First, as an important indicator of a government's commitment to public health, government spending in the health sector is crucial for achieving universal health coverage. In Rwanda, as the level of aid increased at both the national and the local levels, government investments to rural health centres have been constantly increasing. Although the DHSST did not offer useful information on how aid was allocated to health centres in Rwanda, there were several potential explanations. (1) It could be due to a strong financial commitment from the GoR to strengthening healthcare delivery in rural areas. No matter if a health centre received aid or not, the government kept its commitment in financing rural health centres. (2) It is plausible that donors consulted with the government and/or health centres before allocating funds to health centres and ensured that they had the same priorities.
Second, this empirical analysis was made possible by the GoR's commitment to health information transparency for the effective monitoring and evaluation of healthcare financing at the different tiers. The lack of capacity to track and use quality financial data for informed policy making is a challenge faced by many low-income countries. While investing in disease prevention and treatment is important, building up an effective health information system in local health facilities is equally important. Although still among the poorest countries in the world, with donor support, Rwanda has continuously invested in improving health information systems for results-based resource allocation and has taken a lead in adopting district-level health information systems among sub-Saharan countries.27 37 Developing a clear set of reporting standards and easy-to-implement data tracking systems for resources and service provision at the local health facility level will help both donors and governments to effectively coordinate on budgeting, monitoring and evaluating aid performance. It will also enable countries to learn from the experiences of others.
Third, integrating aid, government investments and other funding sources is crucial for improving service availability in rural health centres and supporting a stronger local health system. It is important to have close collaboration between policy makers, at both national and local levels, and external donors when developing a sustainable financial plan for strengthening local health facilities. Health priorities at both national and local levels should be taken into consideration when foreign donors design their projects.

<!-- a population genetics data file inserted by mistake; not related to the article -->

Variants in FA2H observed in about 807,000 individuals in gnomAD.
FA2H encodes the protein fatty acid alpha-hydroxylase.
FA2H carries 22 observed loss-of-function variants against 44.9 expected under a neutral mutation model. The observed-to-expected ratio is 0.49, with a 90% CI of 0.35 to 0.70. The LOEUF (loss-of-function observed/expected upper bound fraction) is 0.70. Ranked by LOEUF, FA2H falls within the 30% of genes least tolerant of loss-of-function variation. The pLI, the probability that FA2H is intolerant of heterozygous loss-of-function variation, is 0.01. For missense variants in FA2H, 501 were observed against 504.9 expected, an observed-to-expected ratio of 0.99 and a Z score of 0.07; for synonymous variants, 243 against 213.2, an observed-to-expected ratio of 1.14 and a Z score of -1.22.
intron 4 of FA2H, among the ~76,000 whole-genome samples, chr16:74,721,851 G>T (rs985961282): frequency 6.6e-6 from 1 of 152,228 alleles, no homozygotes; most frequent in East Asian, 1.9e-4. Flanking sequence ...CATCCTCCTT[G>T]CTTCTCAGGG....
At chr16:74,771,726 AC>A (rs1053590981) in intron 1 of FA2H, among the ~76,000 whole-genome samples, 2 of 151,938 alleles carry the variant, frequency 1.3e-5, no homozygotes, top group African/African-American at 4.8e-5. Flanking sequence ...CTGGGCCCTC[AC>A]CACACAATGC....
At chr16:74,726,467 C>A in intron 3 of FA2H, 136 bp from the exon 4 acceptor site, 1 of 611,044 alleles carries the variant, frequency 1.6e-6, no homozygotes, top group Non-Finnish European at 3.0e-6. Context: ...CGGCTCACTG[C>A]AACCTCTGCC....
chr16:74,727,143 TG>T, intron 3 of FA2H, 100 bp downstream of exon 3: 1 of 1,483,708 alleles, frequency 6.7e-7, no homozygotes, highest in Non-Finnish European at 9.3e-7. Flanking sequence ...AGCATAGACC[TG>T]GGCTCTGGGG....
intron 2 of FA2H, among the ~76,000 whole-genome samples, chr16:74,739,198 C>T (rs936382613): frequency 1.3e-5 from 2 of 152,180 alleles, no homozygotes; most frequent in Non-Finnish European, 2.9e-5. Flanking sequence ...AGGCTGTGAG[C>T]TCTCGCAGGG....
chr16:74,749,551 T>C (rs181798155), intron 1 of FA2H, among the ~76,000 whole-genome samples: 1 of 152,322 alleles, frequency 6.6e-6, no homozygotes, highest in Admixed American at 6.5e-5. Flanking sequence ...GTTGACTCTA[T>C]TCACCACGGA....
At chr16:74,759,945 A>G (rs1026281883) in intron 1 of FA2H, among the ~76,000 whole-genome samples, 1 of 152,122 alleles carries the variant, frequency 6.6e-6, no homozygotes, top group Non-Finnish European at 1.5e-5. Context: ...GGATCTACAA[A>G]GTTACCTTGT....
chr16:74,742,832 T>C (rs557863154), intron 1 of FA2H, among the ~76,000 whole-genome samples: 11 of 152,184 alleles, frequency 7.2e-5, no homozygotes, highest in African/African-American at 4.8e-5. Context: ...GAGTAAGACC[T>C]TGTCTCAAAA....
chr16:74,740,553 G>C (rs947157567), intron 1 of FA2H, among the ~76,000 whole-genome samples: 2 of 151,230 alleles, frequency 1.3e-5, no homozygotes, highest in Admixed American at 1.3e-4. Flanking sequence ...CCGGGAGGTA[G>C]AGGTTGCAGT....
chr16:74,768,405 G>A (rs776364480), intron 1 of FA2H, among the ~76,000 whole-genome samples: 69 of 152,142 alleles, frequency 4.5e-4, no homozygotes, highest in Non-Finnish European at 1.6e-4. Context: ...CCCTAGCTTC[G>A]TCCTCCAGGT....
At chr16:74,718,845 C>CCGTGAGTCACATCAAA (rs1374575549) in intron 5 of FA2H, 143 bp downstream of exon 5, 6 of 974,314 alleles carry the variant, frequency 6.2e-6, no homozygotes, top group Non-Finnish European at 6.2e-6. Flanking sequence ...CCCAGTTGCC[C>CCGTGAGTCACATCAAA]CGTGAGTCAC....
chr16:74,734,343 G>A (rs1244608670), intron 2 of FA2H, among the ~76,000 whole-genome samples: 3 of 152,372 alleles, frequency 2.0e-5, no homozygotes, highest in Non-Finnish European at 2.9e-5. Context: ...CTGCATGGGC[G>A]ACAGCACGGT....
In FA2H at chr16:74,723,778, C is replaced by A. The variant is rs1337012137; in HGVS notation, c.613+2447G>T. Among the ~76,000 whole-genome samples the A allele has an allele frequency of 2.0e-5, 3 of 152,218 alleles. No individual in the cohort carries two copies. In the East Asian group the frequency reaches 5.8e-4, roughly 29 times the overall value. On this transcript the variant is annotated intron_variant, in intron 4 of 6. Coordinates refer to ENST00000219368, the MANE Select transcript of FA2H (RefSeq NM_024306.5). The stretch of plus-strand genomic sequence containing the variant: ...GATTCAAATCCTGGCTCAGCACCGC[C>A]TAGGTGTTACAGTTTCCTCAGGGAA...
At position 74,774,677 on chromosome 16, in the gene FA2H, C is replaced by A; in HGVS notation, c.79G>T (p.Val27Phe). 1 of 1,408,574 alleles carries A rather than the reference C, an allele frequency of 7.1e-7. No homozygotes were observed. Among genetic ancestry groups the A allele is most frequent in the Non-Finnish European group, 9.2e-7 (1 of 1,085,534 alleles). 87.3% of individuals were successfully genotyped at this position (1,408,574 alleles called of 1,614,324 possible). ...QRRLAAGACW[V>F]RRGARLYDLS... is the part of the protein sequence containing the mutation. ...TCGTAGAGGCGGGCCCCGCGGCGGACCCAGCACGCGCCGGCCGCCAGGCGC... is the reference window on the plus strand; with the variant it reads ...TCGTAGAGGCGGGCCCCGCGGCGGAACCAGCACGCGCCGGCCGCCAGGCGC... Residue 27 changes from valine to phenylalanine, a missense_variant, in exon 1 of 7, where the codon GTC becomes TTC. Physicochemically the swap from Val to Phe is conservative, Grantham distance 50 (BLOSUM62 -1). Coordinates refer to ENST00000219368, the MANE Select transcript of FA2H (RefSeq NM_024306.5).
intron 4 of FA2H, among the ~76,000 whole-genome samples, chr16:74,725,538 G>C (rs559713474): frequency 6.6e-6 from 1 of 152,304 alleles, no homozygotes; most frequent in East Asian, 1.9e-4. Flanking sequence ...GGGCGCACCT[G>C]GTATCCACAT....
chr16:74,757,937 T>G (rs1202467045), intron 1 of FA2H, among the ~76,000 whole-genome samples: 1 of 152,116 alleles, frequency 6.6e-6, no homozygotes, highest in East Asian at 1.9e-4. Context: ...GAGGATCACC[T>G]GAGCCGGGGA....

Using the DHSST data, this study investigated if crowd-out effect occurred at the rural health centre level. Moving forward, to help inform both donors and policy makers with more evidence on developing best practices for aid effectiveness, it will be necessary to go beyond our association analysis and focus on remaining issues such as (1) at the healthcare facility level, how donors and local health leaders make decisions on how much to invest, for how long and on which services in rural healthcare centres, and if there was any involvement from communities in the decision-making process, and (2) at the population level, if aid to health centres affected the use of medical care services, equal access to healthcare and health outcomes. As rural health centres in Rwanda play a key role in delivering most preventive and promotional services through community health worker programmes, we especially want to investigate donors’ support to the community health workers and the effect of community health workers on medical care utilisation by rural residents.
First, we were not able to identify causality due to potential endogeneity between aid, government health investments and service provision. For example, economic shocks in both recipient and donor countries could lead to a rise or fall in their investments. Changes in the priorities of donors or the Rwandan government could also affect their budget decision and investing targets. Second, given a lack of appropriate data, we were not able to identify the effect of aid on population health outcomes. Third, we only have panel data for 3 years, which did not allow us to investigate aid effects across a longer time period. Fourth, our service provision variables were not able to capture the quality and frequency of a service offered by a health centre. Fifth, due to the issue of data availability, the study did not include in-kind support, a considerable portion of health centre expenditures.27
Using novel local-level data on finance and services in rural health centres, this study found a significant positive link between foreign aid and government investments in the rural health centres in Rwanda, and a significant positive association between aid in the previous year and service provision in the current year. Our findings therefore suggest that aid could significantly affect the supply of health services in the poorest rural areas when it is additional to government investments. Ensuring aid additionality should be given high priority when designing policy instruments for achieving aid effectiveness.
We thank Yiqun Luan for his valuable research assistance.
Contributors CL conceived and designed the study, led statistical analysis and wrote the first draft. BC and CD contributed to study design. All the authors participated in results interpretation and manuscript writing.
Funding This study was funded by NIH 1K0HD07 1929-01.
Competing interests None declared.
Provenance and peer review Not commissioned; externally peer reviewed.
Data sharing statement Data can be obtained through application to the Ministry of Health in Rwanda.